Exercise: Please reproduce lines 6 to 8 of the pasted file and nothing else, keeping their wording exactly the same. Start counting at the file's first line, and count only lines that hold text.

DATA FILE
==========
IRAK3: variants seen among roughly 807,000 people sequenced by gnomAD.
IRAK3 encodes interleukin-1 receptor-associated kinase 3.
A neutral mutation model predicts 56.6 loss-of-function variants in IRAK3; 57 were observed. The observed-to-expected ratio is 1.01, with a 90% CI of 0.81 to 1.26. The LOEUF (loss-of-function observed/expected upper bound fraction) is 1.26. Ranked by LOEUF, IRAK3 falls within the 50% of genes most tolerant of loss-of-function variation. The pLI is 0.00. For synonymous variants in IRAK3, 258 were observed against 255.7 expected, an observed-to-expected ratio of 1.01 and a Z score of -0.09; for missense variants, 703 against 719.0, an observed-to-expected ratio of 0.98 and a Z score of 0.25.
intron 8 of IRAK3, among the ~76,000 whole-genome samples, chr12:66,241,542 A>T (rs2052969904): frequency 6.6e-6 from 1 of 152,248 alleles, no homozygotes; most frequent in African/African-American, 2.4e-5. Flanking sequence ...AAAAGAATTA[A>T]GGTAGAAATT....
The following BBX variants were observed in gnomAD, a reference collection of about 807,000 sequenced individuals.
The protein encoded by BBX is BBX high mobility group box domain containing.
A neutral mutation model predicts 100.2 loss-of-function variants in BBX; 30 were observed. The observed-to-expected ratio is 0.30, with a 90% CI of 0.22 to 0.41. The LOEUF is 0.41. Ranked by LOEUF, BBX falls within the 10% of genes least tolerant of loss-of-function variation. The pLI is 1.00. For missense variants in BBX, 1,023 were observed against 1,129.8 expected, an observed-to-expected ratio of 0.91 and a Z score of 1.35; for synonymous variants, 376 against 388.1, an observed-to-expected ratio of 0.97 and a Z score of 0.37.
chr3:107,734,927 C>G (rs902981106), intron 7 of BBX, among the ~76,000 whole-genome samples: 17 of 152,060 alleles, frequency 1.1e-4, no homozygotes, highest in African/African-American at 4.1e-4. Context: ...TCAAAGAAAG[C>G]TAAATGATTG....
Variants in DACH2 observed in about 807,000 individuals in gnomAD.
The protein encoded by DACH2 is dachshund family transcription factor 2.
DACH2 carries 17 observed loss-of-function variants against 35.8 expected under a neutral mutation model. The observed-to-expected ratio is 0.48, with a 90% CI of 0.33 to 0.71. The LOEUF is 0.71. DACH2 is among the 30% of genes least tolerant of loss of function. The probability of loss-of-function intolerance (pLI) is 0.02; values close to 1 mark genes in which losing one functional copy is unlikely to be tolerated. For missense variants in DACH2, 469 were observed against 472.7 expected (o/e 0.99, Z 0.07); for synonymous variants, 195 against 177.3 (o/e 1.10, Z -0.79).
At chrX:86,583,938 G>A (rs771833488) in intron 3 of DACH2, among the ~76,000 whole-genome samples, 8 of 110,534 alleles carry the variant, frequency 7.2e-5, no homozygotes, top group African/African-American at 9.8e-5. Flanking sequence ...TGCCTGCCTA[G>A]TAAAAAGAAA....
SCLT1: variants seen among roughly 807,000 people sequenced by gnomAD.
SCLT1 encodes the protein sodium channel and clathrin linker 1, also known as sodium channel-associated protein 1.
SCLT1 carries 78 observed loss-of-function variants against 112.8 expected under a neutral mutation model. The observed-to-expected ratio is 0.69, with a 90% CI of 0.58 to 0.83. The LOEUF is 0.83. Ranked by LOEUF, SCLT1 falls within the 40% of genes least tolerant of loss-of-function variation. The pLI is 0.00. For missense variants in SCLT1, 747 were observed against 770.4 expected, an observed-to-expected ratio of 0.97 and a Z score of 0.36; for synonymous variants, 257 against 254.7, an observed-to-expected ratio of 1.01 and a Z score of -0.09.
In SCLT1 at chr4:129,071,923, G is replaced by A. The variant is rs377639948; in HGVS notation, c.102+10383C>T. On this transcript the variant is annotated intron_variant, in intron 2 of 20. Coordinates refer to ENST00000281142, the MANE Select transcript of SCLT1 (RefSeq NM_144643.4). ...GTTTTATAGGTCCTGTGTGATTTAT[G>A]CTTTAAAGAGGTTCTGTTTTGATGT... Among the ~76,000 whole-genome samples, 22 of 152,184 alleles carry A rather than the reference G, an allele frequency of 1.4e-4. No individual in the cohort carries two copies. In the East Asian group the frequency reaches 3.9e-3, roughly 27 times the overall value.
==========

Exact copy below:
The protein encoded by BBX is BBX high mobility group box domain containing.
A neutral mutation model predicts 100.2 loss-of-function variants in BBX; 30 were observed. The observed-to-expected ratio is 0.30, with a 90% CI of 0.22 to 0.41. The LOEUF is 0.41. Ranked by LOEUF, BBX falls within the 10% of genes least tolerant of loss-of-function variation. The pLI is 1.00. For missense variants in BBX, 1,023 were observed against 1,129.8 expected, an observed-to-expected ratio of 0.91 and a Z score of 1.35; for synonymous variants, 376 against 388.1, an observed-to-expected ratio of 0.97 and a Z score of 0.37.
chr3:107,734,927 C>G (rs902981106), intron 7 of BBX, among the ~76,000 whole-genome samples: 17 of 152,060 alleles, frequency 1.1e-4, no homozygotes, highest in African/African-American at 4.1e-4. Context: ...TCAAAGAAAG[C>G]TAAATGATTG....